10 Hear the Difference Middle English from The Canterbury Tales Whan that Aprill with his shoures soote (1) The droghte (2) of March hath perced (3) to the roote, And bathed every veyne (4) in swich licour (5) Of which vertu engendred is the flour (6) ; Whan Zephirus (7) eek with his sweete breeth Inspired (8) hath in euery holt (9) and heeth The tendre croppes (10), and the yonge sonne Hath in the Ram his half cours yronne (11), And smale foweles maken melodye, That slepen al the nyght with open eye (12) (So priketh (13) hem nature in hir corages (14) ), Thanne longen (15) folk to goon on pilgrimages … Middle English from The Canterbury Tales Whan that Aprill with his shoures soote (1) The droghte (2) of March hath perced (3) to the roote, And bathed every veyne (4) in swich licour (5) Of which vertu engendred is the flour (6) ; Whan Zephirus (7) eek with his sweete breeth Inspired (8) hath in euery holt (9) and heeth The tendre croppes (10), and the yonge sonne Hath in the Ram his half cours yronne (11), And smale foweles maken melodye, That slepen al the nyght with open eye (12) (So priketh (13) hem nature in hir corages (14) ), Thanne longen (15) folk to goon on pilgrimages …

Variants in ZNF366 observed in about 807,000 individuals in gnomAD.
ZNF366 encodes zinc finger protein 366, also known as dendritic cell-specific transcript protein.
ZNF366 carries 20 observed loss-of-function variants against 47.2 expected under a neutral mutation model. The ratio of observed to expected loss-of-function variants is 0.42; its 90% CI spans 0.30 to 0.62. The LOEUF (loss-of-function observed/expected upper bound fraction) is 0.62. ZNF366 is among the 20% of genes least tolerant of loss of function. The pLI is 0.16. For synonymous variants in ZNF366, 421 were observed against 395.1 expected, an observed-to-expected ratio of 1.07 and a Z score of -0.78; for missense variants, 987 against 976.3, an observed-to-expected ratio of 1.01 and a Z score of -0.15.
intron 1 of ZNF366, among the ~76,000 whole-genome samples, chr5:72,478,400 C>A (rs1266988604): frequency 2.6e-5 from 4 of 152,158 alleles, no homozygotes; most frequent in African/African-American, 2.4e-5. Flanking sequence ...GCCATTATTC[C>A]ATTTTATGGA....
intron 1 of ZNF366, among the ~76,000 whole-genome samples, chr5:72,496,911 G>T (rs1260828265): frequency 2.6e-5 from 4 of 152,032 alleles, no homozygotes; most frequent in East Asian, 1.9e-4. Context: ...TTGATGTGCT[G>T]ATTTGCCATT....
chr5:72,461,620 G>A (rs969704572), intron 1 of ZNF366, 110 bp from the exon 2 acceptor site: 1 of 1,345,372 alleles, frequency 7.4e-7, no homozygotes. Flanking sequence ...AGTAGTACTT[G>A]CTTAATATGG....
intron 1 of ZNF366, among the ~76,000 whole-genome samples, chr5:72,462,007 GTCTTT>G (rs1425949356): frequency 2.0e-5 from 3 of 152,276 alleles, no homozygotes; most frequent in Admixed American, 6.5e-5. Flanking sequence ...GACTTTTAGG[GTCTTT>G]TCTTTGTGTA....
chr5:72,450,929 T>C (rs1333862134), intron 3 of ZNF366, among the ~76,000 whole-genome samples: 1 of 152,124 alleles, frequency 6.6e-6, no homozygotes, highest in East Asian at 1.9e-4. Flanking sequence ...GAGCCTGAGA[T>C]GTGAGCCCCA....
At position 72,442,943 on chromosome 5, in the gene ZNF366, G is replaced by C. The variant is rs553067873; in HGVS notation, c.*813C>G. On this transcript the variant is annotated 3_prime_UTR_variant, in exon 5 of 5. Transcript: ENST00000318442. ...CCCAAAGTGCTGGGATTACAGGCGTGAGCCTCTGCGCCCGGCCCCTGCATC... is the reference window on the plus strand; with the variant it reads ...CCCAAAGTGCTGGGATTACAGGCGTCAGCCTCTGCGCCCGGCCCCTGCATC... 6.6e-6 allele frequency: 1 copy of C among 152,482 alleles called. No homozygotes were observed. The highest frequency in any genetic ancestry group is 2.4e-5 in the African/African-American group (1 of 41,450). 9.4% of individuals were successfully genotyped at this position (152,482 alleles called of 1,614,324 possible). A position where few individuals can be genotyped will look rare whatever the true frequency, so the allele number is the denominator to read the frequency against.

11 Hear the Difference Early Modern English from Macbeth Tomorrow, and tomorrow, and tomorrow Creeps in this petty pace from day to day, To the last syllable of recorded time; And all our yesterdays have lighted fools The way to dusty death. Out, out, brief candle! Life s but a walking shadow, a poor player That struts and frets his hour upon the stage And then is heard no more. It is a tale Told by an idiot, full of sound and fury, Signifying nothing. Early Modern English from Macbeth Tomorrow, and tomorrow, and tomorrow Creeps in this petty pace from day to day, To the last syllable of recorded time; And all our yesterdays have lighted fools The way to dusty death. Out, out, brief candle! Life s but a walking shadow, a poor player That struts and frets his hour upon the stage And then is heard no more. It is a tale Told by an idiot, full of sound and fury, Signifying nothing.

12 Final Thoughts The difference is striking. And we owe it all to political events. Is it the same language? Vocabulary greatly changed Basic structure the same Thats all, folks The difference is striking. And we owe it all to political events. Is it the same language? Vocabulary greatly changed Basic structure the same Thats all, folks